* Dividend hikes prevalent across the business spectrum
* Companies seek to boost their share prices
* Economic outlook makes payouts preferable to investing
* Trend seen continuing as cash stays on sidelines
By Andrea Hopkins
TORONTO, Feb 28 Canadian companies of nearly
every stripe have announced big dividend increases this year,
aiming to dole out mountains of cash on a bet that shareholders
prefer sweeter payouts to their throwing money at investments in
an uncertain economy.
Bank of Montreal - Canada's No. 4 lender and the
first of the big five banks out of the gate this year with
quarterly financial results - set the tone for the lenders early
this week with a surprise dividend increase.
But in the days before that, a swath of Canada's biggest
names had already jumped on the dividend bandwagon. In telecoms,
BCE Inc and Rogers Communications Inc raised
payouts; in pipelines, TransCanada Corp and Enbridge
Inc, and in retailing, Metro Inc and Tim
A host of others - Magna International Inc, Suncor
Energy Inc and Telus Corp, to name three - are
likely to raise their payouts or dividend targets or both
sometime this year.
"Companies are swimming in cash," said Barry Schwartz, vice
president and portfolio manager at Baskin Financial Services.
"We've got a lot of mature companies in Canada that are unsure
of their next steps, so instead of blowing it on bad
acquisitions or doing dumb things, they pay it back to
shareholders and they'll get rewarded with a higher stock
The trend is picking up steam in Canada because richer
dividends are one of the best ways to attract and keep investors
in the current investment climate. Stock prices are languishing,
while low interest rates are forcing investors to search for
Canada's two largest banks, Toronto-Dominion Bank
and Royal Bank of Canada, on Thursday followed BMO's
lead by jacking up their own payouts. Canadian Imperial Bank of
Commerce did not, and paid the price, seeing its share
price tumble in disappointment.
"The lack of an increase in the dividend, despite a less
than 45 percent payout ratio, may dampen investors' enthusiasm
as it may bring into question management's view of the
sustainability of the current quarter's earnings," Barclays
Capital analyst John Aiken said of CIBC's results.
CIBC shares dropped C$1.45 to C$82.43 even though the bank's
quarterly profit came in above expectations.
Bank of Canada Governor Mark Carney took Canadian companies
to task last year for sitting on large amounts of cash, saying
they should invest this "dead money" or return it to
shareholders. For now at least, many are choosing the second
The alternative is decidedly less attractive for many. With
economic uncertainty spread from Europe to the United States to
China, companies are simply not confident enough to expand or
invest, said John Kinsey, portfolio manager at Caldwell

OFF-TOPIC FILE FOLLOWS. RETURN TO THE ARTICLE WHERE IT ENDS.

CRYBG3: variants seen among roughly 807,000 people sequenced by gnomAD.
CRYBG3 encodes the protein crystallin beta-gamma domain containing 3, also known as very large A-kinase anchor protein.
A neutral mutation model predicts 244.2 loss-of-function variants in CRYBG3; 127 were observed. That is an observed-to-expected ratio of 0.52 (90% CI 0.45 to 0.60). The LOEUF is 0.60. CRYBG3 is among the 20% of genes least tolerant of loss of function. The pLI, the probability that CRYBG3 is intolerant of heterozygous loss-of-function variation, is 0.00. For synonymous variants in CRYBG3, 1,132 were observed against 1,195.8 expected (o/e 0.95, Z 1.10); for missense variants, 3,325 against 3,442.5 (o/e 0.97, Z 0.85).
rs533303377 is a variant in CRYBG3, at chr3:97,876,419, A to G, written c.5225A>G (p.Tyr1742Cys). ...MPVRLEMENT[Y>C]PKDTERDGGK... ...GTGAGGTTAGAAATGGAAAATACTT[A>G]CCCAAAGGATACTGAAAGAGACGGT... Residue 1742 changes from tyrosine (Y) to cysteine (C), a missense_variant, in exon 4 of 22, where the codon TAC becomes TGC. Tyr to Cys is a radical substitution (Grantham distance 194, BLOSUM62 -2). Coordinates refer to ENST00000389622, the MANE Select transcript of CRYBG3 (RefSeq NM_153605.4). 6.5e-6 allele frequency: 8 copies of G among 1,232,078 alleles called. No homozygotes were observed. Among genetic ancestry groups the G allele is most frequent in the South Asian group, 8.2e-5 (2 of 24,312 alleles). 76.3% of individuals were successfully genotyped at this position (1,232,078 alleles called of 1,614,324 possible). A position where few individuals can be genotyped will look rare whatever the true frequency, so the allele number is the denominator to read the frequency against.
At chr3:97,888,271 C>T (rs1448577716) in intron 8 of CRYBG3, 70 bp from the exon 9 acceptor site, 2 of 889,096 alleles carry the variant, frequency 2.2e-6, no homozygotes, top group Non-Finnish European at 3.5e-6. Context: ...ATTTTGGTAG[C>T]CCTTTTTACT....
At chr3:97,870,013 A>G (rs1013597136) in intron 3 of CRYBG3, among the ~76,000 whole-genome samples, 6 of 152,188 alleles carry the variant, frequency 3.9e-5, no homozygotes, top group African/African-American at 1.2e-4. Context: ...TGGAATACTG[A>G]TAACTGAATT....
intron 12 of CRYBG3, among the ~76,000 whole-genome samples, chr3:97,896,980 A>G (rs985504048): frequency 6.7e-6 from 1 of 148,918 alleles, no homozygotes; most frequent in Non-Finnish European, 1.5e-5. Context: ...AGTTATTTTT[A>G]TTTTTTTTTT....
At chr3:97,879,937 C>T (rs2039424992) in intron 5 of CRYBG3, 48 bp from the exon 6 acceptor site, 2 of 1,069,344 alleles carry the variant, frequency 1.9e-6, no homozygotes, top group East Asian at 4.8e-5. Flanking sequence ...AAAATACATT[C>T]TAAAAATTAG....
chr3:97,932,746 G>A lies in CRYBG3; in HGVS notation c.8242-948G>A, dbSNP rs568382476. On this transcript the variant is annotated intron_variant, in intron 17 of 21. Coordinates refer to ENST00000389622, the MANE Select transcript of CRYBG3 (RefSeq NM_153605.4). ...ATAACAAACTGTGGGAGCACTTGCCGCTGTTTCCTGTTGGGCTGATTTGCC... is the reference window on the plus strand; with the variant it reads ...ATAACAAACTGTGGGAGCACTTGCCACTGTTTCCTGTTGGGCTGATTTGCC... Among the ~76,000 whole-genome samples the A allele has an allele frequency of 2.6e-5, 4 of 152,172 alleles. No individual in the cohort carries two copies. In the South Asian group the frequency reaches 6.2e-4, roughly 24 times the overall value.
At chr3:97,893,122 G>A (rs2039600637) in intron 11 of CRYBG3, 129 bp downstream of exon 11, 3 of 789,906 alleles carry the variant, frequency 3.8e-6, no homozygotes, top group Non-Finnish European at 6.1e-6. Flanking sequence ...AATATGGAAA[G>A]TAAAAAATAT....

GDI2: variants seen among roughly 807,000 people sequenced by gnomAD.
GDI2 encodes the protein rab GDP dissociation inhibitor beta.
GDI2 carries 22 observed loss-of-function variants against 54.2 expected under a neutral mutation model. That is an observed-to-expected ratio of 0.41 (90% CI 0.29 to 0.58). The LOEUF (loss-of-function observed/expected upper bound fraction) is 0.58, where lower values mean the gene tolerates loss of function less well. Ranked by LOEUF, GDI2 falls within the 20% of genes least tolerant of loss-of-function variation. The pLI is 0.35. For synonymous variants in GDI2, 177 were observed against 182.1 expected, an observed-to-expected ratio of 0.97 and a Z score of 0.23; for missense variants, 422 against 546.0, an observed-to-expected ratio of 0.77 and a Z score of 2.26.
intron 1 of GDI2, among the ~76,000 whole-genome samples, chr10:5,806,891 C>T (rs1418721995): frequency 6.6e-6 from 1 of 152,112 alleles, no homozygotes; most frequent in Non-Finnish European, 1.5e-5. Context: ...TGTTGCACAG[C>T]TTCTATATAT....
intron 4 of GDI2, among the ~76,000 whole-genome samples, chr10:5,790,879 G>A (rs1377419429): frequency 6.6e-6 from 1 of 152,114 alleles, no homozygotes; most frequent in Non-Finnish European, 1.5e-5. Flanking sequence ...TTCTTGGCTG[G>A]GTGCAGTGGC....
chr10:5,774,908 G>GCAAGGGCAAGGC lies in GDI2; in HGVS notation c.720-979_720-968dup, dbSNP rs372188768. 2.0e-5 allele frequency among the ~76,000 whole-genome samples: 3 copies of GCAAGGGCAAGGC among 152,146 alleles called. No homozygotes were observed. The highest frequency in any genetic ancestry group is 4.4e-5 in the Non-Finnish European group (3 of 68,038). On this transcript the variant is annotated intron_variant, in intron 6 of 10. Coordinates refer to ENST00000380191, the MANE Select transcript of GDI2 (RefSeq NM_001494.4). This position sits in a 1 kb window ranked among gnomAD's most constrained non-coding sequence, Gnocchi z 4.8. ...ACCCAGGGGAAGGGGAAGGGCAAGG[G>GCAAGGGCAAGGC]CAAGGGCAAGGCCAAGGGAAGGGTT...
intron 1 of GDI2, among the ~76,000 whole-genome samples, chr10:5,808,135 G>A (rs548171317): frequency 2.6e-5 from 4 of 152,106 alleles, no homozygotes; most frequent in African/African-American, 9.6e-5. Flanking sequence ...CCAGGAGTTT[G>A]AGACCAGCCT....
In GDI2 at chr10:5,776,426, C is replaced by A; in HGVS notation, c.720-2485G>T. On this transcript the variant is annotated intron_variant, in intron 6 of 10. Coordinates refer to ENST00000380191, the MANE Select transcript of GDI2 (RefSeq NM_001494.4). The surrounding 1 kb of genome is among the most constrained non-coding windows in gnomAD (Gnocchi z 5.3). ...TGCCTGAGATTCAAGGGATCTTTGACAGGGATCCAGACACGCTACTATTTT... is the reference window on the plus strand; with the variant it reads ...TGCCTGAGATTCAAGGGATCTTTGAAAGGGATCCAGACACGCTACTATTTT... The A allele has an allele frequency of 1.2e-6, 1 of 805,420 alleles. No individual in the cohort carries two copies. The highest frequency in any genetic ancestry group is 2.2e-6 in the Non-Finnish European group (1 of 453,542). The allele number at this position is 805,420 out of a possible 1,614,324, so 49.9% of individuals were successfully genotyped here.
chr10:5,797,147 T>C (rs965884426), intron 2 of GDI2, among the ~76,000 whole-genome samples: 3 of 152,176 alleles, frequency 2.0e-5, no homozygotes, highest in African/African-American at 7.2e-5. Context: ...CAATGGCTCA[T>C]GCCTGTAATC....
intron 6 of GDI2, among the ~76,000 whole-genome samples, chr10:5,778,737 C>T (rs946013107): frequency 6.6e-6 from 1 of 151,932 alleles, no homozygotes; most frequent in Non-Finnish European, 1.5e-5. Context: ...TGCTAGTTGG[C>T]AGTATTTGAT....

Tim Hortons, the ubiquitous Canadian coffee shop chain, is
"not going to open 3,000 more stores in Canada. So they are
sitting in a lot of cash. Balance sheets are very strong,
companies are cash flush, and they are cash-compounding
machines," Schwartz said.
The rush to increase dividends is also underway in the
United States, where the amount paid out in dividends is at a
record, though the dividend yield is not.
Kinsey and Schwartz both said cash-rich companies there
don't trust the economy, fear the U.S. budget wrangling, and
want to do something to lure wary investors back to U.S. blue
To be sure, that may change if stimulus measures in the
United States and other countries finally succeed. But that
doesn't solve the immediate problem of what to do with corporate
"If the world economy starts to grow again, then I think
some of this surplus cash will be used for expansion - new plant
and equipment - that sort of thing," Kinsey said. "But as long
as we're in this fix we're in, the trend will be to err on side
of conservative and return the money to shareholders."
SEARCH FOR STEADY INCOME
Demographics is at play as well. With more boomers retiring
and investors looking for steady income, stubbornly low yields
on government bonds have sent investors to the stock market -
but only to companies that prove themselves so confident and
strong that they are raising their payouts.
"Any day you can buy a stock with a dividend yield higher
the Treasury yield or the Canadian bond yield that's going to
grow that dividend is a day you should own that stock," said
Schwartz. "I don't know many bonds that can raise their payments
to you every year."
Indeed, with 10-year Canada government bonds
offering a paltry 1.853 percent yield right now, BMO's 4.6
percent dividend yield - before the hike has even taken effect -
shines in comparison.
While companies are typically rewarded when the boost
dividends or buy back shares - another way to return money to
shareholders - investors also have an incentive to put their
money where the dividend is: a tax credit on dividends paid by
"For people that use the money to live on, it is a very
important factor because it is a quite substantial gross up,"